Beginning in the late 1920s, numerous teenage girls attended the high school aspirancy of the Sisters of the Precious Blood. Over the years, many of these young women went on to become sisters. Others moved into different walks of life.
In 1950, a special building was opened to become the home for the aspirants. It was named Fatima Hall, built on the campus of the Dayton motherhouse. In September 1964, Fatima Hall opened its doors to its last freshman class. That class would stay at Fatima only two years before the aspirancy was closed, but a bond would be formed that would last for life.
On April 23, 2010 — 44 years later — 17 members of that last class gathered for a joyous and memorable weekend in Gatlinburg, Tenn. Eileen O’Connor Vaughan, an organizer of the reunion, said that the group “had had a few reunions in the past, but this was the first time that we had located every member of the original freshman class.”
While some couldn’t attend, those that did shared tears, poignant moments, and hilarious laughter as they reminisced about their time as aspirants. They sang old songs, told stories and even played a “Fatima Word Scramble” complete with terms from their convent days.
During their reunion, these former “Fatima Girls” said they knew they wanted to let the Sisters of the Precious Blood know how pivotal the sisters were in their lives.
“Even before we met at Fatima, we were inspired and influenced by the Sisters of the Precious Flood in our home parishes,” wrote O’Connor-Vaughan. “That love and respect led us to Fatima, where we deepened our faith, received an excellent education, learned important lessons about work, time management… and formed bonds of friendship that would always be with us.”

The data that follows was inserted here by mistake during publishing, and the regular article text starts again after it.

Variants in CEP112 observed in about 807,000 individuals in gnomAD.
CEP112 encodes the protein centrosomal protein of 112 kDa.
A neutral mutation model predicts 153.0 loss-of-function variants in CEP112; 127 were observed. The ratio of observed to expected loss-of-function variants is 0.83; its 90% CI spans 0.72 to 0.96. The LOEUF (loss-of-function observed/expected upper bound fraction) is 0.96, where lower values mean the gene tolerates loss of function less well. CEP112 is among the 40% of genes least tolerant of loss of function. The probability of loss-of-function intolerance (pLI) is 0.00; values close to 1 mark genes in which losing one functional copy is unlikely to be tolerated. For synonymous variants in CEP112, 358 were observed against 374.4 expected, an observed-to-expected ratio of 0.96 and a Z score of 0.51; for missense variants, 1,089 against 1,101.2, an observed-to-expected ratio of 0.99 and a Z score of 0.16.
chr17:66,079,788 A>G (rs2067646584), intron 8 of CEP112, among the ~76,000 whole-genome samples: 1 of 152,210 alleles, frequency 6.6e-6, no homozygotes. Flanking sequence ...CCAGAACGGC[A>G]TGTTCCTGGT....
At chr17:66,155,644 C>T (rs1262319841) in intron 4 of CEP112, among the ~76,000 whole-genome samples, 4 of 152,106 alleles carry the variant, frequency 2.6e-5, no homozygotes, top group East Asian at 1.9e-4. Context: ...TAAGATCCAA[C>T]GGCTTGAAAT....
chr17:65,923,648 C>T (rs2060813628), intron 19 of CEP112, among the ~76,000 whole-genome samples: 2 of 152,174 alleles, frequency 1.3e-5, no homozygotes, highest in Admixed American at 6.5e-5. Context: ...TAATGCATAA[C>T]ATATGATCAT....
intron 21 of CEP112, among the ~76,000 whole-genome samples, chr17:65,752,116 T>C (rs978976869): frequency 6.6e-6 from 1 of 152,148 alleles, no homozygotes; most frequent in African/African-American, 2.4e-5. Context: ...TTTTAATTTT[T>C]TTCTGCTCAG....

The former “Fatima Girls” also expressed their appreciation for the sisters who worked with them during their aspirancy – “who taught us, ate with us, played games with us, guided us… and gave of your time and talents.”
“We are better people for having been at Fatima, and even though we never formally entered the ranks of the Precious Blood Sisterhood, we have served our families, our parishes and our communities in the way that you modeled for us.”
Today these women, mostly married, are active in more than 60 different types of church ministry and community service. They work as Catholic school and religious education teachers, hospice nurses and volunteers, with the mentally and physically disabled, and so much more.
“Thank you, Sisters of the Precious Blood, for all you did for us, for the church, and for the world,” they wrote at the close of their reunion. “God bless you all, you special women of God!”